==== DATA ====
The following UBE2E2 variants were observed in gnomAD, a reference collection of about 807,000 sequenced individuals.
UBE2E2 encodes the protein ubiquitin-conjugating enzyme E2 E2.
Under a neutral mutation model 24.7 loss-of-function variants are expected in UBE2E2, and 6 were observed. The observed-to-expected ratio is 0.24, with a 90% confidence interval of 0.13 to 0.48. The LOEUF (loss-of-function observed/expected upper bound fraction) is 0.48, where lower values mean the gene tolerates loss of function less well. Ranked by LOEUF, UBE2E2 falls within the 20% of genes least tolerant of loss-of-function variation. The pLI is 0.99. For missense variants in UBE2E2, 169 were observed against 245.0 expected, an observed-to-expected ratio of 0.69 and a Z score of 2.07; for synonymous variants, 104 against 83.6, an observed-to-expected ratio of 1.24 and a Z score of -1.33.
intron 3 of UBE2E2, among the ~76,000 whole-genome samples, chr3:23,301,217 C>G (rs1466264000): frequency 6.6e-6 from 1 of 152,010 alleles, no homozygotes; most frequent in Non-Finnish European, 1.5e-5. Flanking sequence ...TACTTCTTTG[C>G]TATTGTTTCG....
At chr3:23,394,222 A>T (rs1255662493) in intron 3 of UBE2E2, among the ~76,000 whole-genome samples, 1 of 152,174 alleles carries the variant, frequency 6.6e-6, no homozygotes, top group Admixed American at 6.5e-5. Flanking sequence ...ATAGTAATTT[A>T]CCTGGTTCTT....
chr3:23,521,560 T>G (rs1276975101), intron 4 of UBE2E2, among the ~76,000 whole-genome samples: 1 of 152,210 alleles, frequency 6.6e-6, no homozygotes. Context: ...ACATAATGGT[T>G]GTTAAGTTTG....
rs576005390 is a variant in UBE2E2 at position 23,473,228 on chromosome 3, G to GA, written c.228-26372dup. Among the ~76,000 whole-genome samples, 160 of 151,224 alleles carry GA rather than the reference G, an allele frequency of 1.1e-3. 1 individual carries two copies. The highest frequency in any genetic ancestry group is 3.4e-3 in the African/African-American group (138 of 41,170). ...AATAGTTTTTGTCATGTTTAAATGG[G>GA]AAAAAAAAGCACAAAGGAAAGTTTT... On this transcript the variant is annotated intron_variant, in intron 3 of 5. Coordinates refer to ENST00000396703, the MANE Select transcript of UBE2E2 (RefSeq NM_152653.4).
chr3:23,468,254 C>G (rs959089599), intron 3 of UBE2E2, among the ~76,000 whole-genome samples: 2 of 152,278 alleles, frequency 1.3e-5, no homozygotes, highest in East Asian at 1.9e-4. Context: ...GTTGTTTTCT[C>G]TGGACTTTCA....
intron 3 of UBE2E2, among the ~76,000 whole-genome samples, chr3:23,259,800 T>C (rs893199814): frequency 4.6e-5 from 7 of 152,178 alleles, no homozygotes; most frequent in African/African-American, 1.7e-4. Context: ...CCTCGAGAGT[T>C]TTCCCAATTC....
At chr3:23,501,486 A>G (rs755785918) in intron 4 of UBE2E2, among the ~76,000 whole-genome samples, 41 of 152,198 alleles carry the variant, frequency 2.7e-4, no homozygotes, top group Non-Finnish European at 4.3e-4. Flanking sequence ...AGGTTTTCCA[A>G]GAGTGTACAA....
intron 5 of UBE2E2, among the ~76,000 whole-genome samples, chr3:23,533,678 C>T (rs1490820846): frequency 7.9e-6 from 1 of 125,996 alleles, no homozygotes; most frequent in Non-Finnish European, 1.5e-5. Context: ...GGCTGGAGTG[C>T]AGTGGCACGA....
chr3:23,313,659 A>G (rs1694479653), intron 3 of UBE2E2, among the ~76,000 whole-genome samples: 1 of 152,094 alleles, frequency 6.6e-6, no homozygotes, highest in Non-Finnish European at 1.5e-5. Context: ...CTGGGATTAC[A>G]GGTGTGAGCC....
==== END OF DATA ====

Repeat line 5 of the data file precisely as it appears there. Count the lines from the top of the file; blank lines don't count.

At chr3:23,394,222 A>T (rs1255662493) in intron 3 of UBE2E2, among the ~76,000 whole-genome samples, 1 of 152,174 alleles carries the variant, frequency 6.6e-6, no homozygotes, top group Admixed American at 6.5e-5. Flanking sequence ...ATAGTAATTT[A>T]CCTGGTTCTT....